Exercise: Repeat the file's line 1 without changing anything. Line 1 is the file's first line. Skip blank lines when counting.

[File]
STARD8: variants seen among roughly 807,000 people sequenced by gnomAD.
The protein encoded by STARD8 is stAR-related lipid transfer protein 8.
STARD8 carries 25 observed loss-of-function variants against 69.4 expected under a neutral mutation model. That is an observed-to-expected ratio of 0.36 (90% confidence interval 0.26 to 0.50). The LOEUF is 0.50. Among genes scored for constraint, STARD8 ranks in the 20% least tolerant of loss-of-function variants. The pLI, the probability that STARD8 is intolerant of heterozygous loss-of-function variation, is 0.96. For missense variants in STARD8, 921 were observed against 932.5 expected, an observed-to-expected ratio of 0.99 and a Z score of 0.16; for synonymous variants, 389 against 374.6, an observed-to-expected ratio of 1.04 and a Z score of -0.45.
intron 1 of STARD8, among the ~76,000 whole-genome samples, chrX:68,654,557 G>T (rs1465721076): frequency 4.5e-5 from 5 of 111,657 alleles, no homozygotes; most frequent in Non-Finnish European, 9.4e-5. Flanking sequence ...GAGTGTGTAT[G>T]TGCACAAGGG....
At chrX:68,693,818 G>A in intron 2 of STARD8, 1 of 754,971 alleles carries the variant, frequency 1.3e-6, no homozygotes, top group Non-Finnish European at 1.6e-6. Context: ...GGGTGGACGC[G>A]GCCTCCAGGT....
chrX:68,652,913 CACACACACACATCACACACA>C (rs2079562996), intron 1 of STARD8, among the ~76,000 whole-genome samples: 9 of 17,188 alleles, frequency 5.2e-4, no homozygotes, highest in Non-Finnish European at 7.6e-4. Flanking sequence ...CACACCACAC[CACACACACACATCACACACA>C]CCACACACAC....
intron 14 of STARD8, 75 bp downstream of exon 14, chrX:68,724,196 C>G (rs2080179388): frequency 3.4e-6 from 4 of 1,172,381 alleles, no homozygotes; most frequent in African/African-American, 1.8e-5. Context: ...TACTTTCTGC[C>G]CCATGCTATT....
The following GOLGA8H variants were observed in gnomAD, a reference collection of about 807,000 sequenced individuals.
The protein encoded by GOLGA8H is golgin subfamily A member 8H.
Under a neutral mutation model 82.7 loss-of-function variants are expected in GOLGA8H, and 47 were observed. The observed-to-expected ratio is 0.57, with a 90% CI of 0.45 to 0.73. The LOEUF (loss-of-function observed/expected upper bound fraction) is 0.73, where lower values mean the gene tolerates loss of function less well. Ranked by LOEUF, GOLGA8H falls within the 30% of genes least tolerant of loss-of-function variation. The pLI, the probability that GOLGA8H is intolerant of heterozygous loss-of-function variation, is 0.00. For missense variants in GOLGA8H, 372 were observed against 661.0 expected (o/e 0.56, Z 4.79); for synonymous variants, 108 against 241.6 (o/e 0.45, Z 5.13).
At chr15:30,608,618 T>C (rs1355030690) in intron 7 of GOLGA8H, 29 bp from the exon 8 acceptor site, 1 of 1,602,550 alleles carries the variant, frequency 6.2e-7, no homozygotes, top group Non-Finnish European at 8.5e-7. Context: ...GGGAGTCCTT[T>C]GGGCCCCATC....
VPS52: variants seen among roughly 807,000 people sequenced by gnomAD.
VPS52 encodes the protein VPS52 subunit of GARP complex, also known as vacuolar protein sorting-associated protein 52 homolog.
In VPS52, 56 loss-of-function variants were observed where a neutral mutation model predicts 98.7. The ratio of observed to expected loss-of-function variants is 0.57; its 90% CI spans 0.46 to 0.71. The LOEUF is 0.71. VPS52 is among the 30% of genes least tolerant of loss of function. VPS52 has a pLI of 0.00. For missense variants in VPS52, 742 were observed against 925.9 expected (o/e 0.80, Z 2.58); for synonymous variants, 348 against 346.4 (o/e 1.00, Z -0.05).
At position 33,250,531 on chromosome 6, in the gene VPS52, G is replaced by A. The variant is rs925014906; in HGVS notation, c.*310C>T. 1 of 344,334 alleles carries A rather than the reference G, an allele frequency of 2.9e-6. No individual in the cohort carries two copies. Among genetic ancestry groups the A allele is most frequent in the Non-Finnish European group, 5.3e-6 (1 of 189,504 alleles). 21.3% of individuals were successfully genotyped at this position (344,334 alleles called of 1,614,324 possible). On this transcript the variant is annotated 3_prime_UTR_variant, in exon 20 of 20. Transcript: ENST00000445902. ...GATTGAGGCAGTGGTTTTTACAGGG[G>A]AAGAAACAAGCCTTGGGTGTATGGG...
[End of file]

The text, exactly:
STARD8: variants seen among roughly 807,000 people sequenced by gnomAD.